Do you really want to make that resolution count?

A week in to the New Year, if you embarked on a resolution, how is it going?

If it is not going well, don’t feel bad, you are not a failure.

Don’t feel rushed into making a change in your life just because it is the start of a new year.

You can make your resolution anytime. But it is vital you choose wisely and plan for success. You must believe in the change you want to make. The change must be more desirable than what you have otherwise where is the motivation to succeed?

On New Years Eve or even New Year’s Day we decide that we are not getting any younger, so this is the year I change my lifestyle. Without much planning if any we rush into a fitness and healthy eating regime. We go on our first run or first trip to the gym and the reality hits us like a brick in the stomach. Sometimes we will resolve to persevere as it is bound to get easier. However we always overestimate our level of fitness and attempt a regime that just is not realistic. Therefore we fail dismally and spend the rest of the month feeling fat and useless.

Now you can apply this to any resolution, such as stopping smoking, dry Jan and healthy eating.

Well don’t worry help is at hand. The answer is to apply the principles below then answer the following questions. But be honest.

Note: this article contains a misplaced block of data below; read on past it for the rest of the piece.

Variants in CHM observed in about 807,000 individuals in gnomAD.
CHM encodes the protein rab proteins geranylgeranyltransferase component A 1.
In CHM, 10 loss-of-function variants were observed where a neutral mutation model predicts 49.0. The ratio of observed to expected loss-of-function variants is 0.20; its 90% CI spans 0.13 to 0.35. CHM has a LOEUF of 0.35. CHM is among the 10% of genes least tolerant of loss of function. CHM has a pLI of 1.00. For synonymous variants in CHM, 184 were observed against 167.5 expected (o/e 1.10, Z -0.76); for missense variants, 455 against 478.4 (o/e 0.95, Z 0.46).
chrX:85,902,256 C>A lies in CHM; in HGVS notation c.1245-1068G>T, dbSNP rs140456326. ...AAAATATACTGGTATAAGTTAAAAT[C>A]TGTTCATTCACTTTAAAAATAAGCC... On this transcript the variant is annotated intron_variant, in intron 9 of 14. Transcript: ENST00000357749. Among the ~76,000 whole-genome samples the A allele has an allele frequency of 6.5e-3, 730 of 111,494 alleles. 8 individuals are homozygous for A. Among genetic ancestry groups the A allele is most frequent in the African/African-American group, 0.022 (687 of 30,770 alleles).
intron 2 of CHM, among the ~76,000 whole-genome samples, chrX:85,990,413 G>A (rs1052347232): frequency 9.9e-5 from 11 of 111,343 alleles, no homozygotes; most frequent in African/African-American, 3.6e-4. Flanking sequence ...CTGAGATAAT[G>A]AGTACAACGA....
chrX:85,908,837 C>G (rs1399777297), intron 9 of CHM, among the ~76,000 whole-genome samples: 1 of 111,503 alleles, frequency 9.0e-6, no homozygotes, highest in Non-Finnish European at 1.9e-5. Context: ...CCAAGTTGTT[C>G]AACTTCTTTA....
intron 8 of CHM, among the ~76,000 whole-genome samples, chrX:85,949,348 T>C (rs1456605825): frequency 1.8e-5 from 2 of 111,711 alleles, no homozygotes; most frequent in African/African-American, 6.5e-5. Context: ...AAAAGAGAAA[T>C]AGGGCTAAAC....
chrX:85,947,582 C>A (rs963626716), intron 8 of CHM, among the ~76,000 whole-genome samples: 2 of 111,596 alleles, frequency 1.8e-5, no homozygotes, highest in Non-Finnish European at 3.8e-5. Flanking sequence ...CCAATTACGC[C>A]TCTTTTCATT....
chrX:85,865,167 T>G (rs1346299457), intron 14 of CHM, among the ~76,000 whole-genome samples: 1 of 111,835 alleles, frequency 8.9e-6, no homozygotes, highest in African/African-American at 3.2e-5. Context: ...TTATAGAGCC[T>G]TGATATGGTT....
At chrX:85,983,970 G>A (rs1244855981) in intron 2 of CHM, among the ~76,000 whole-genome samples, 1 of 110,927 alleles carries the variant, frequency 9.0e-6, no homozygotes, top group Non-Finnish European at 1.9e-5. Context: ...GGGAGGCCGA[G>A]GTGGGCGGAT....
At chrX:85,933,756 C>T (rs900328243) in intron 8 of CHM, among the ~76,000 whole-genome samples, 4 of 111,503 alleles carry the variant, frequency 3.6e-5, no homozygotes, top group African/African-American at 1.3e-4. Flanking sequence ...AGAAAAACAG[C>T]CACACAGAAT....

First you can make a lifestyle change anytime you want. Don’t restrict yourself to January.

Changing you lifestyle is challenging, it will not always go to plan, so prepare to change plans and approach.

Do you really need to change? If you do, what do you want to change? Why do you want to change?

What does the changed lifestyle look and feel like?

How much do you want to change?

How likely is it that you will achieve it?

When do you want to achieve the change?

When you have set you goal you can then start to plan how you are going to achieve your goal.

The most important thing though is to set a goal that is realistic and is something you really want, not what you think you want.

Do you get your excuses in early


Before I gave up smoking, I used to tell myself I had an addictive personality, that is why I can't give up.
Does that sound familiar, in fact I heard it today. It is just an excuse, because we don't believe we can achieve.
The person today is incredibly talented, intelligent, professional and driven, but they are worried they will not succeed when it comes to giving up smoking.
In reality that concept is completely bonkers. Throughout their adult life they have faced far more daunting challenges and succeeded. When faced with changing something we do everyday, we all falter. The prospect of change is terrifying. We need to believe that the change is worth it, and that we can do it.
I like the person today needed to recognise what I had achieved when I wanted it enough. There is no such thing as an addictive personality, anyone can be addicted to something and anyone can stop being addicted. You just have to want to do it enough to succeed.
If you give in and have a sneaky cig or chocolate bar, it is ok, just go back to your reason why and have another go. We often fall off the wagon because our reason to make that change isn't strong enough and our desire to succeed isn't as strong as the enjoyment we derive from smoking or drinking or eating too much. So it is important to have that strong reason and believe you can. If you find yourself getting your excuses in early you need to examine why you want to change.